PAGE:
#90, Phil Armstrong -

Okay, I can see where that would get quoted as "all references have been removed," but no matter what Doctorow said, there's still one reference to her at Boingboing, a big one that includes the fact the Le Guin was angry at Doctorow for something Doctorow did. I think that's part of my problem with the way it has been stated in the places I saw it. Saying "Boingboing took down all references to her after Cory infringed on her copyright," makes it sound like they did it to hide the infringement, and that's clearly not the case. Removing the infringing post was what Le Guin wanted and the right thing to do was to take it down. Removing the others (and there must have been others from what he said) is a bit more iffy, but he told us he did it and sort of why.

The way it was done was (I think) the way a lot of the objectors to this situation wish this situation had been handled - in public and clearly. I don't think it is an example of previous bad behavior of the type being currently discussed.

Thanks for digging out the source of "it all got taken down" concept.

#102 ::: Scraps ::: (view all by) ::: June 30, 2008, 07:42 PM:

Zota, so you're going to pretend that calling for preserving a specific set of archives means one must be in favor of preserving anything anyone can call an archive? I say "pretend" because I take as a given that you're intelligent enough to not actually believe in the analogy you're trying to pass off with a loosely used word.

#103 ::: David Bilek ::: (view all by) ::: June 30, 2008, 07:47 PM:

Scraps: Are there any circumstances under which you'd accept that BB's actions were anything less than stunningly wonderful? Because I'm getting the strong impression that there isn't.

#104 ::: Zack ::: (view all by) ::: June 30, 2008, 07:51 PM:

Erik @88: In the general case I disagree on principle. A person, or a collective entity, may have responsibilities toward other people, or groups of people, that they should be held to by force of argument and public disapproval, even though one could not persuade the state (via the legal system) to compel them. I consider it one of the great failings of the age that some people and organizations act as though their only responsibilities are those that have the weight of law behind them.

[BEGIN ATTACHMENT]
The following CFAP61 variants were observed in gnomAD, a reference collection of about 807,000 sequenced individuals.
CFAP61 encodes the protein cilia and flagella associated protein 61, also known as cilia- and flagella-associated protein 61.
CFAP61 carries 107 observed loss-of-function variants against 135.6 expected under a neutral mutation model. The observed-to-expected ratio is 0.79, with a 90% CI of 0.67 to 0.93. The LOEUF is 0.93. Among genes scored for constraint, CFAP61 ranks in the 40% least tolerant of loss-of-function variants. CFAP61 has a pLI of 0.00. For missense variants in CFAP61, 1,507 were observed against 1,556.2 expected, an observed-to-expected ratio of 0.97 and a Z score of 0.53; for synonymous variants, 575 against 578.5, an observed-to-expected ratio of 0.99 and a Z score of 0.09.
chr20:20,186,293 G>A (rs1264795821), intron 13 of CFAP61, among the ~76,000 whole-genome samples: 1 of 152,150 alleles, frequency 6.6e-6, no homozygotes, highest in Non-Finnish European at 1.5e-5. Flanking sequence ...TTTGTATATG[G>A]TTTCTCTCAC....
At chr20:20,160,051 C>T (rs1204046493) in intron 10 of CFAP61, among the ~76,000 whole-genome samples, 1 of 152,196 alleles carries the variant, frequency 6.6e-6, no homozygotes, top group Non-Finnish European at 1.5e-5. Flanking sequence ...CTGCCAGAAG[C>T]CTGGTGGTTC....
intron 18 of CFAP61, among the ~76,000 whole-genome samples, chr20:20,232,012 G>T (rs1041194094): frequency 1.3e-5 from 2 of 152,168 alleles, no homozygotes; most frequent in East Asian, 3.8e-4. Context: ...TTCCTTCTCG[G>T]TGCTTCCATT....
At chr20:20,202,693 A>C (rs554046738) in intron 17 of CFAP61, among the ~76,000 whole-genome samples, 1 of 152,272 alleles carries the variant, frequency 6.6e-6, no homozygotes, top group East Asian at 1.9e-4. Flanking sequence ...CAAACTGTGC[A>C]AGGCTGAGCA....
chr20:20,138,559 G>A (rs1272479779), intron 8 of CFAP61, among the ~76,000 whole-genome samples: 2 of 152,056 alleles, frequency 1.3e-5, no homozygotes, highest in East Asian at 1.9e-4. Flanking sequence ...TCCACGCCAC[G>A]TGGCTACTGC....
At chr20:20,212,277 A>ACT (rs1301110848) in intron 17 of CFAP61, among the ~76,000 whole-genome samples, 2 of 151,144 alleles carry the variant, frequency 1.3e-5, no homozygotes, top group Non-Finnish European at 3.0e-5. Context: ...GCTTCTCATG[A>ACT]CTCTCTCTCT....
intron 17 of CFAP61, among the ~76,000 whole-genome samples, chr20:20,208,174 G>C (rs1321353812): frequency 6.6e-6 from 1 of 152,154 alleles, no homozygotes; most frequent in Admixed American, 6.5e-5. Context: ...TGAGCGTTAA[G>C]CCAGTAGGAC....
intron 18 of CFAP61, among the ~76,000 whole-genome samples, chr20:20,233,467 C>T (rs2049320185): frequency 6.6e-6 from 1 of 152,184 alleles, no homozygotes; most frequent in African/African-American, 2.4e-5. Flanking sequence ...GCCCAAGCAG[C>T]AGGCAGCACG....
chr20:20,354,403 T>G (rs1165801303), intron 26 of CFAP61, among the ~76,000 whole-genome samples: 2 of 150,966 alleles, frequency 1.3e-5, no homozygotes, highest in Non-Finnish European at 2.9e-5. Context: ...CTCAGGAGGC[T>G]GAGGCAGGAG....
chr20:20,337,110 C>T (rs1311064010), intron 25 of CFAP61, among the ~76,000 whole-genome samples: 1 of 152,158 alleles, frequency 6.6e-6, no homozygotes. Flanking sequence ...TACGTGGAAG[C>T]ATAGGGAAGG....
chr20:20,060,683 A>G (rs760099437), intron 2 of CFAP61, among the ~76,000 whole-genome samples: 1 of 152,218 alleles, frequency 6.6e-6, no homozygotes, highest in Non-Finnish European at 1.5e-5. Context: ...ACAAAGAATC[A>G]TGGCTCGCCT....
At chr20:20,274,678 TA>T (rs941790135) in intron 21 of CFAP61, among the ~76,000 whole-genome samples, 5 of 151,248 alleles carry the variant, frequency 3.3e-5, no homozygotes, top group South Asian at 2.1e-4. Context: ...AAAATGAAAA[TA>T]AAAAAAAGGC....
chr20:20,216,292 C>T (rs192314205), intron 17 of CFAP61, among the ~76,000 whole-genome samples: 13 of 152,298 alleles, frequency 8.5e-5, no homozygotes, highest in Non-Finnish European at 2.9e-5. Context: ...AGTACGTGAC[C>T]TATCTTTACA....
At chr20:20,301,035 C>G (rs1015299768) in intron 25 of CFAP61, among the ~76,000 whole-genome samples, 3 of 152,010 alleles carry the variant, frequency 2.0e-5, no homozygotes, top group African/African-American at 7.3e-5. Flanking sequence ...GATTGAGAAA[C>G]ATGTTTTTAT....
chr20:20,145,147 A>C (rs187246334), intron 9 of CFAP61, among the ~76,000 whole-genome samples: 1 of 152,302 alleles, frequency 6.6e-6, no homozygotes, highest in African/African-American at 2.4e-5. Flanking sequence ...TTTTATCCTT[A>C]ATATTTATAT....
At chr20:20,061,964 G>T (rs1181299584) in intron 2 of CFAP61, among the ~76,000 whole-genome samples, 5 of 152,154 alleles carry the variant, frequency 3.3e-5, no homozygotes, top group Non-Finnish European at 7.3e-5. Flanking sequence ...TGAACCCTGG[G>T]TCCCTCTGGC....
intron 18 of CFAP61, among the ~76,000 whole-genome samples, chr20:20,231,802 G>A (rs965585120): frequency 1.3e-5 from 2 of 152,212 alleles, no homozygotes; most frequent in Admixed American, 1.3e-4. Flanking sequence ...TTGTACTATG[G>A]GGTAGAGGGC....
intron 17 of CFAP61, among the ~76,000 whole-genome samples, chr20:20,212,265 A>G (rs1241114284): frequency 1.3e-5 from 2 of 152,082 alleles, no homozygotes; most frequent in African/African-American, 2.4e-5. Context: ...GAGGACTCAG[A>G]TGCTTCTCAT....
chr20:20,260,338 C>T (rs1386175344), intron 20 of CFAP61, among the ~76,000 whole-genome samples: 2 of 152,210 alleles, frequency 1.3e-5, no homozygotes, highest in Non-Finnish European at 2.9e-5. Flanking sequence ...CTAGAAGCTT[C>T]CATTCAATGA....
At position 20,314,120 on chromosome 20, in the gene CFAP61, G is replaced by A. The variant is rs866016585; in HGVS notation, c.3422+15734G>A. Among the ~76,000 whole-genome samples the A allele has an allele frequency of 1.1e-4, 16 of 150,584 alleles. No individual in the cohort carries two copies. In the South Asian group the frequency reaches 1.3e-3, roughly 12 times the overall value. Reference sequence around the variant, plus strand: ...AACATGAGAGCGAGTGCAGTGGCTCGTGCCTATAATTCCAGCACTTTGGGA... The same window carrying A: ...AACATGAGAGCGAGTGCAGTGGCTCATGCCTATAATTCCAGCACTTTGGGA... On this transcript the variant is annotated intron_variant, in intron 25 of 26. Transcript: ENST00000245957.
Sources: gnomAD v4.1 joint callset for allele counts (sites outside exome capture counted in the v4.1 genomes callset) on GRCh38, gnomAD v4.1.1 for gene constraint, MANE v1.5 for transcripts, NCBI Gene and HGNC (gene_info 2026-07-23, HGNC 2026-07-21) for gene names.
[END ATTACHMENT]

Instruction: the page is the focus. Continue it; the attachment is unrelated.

We really don't have enough information to throw mud at Boing Boing for what they actually did. I'm happy to assume that it was the least bad option they had. However, whatever their reasons, they've broken a cultural norm - URLs are supposed to remain live, especially those labeled out as "perma(nent) link"s - and so they have a responsibility to acknowledge the action and provide as much of an explanation as they can under the circumstances.

Silence also makes the action look worse than it probably was, because it is human nature to speculate madly to fill up a vacuum, and so for purely pragmatic reasons they ought to have said something; we probably wouldn't be having this argument if they had.

#105 ::: Phil Armstrong ::: (view all by) ::: June 30, 2008, 07:59 PM:

#101 RM: I agree entirely. A little up front public acknowlegement would probably have headed off a lot of the criticism that's been levelled at BoingBoing.

Dropping people down the memory hole is just rude. It may be justified, but people are naturally going to assume the worst in the absence of an explanation, especially when requests for one are treated in exactly the same way.

I know BB has gone down in my estimation as a result of this kerfuffle.

#106 ::: Scraps ::: (view all by) ::: June 30, 2008, 07:59 PM:

Speaking of evasions.

David, I've said that I think making a case for hypocrisy depends upon good specific analogies. I believe you have said that any example you can give would be nit-picked. It seems odd for you to then accuse me of being the one who won't accept anyone else's argument.

And you don't know me very well. I find specific things in BoingBoing annoying with some frequency, and on occasion I think one or another of them is a ripe asshole. I don't know enough to have an opinion about this particular action; might be assholery, might be a falling-out, might be legal issues, who knows. I doubt I'd find it very near stunningly wonderful. It's not my business, certainly.

But I know what I think of opportunistic blowhards like Zota yapping buzzwords like "betrayal" and "hypocrisy" and making personal hay out of someone else's issue with a pretense of public advocacy.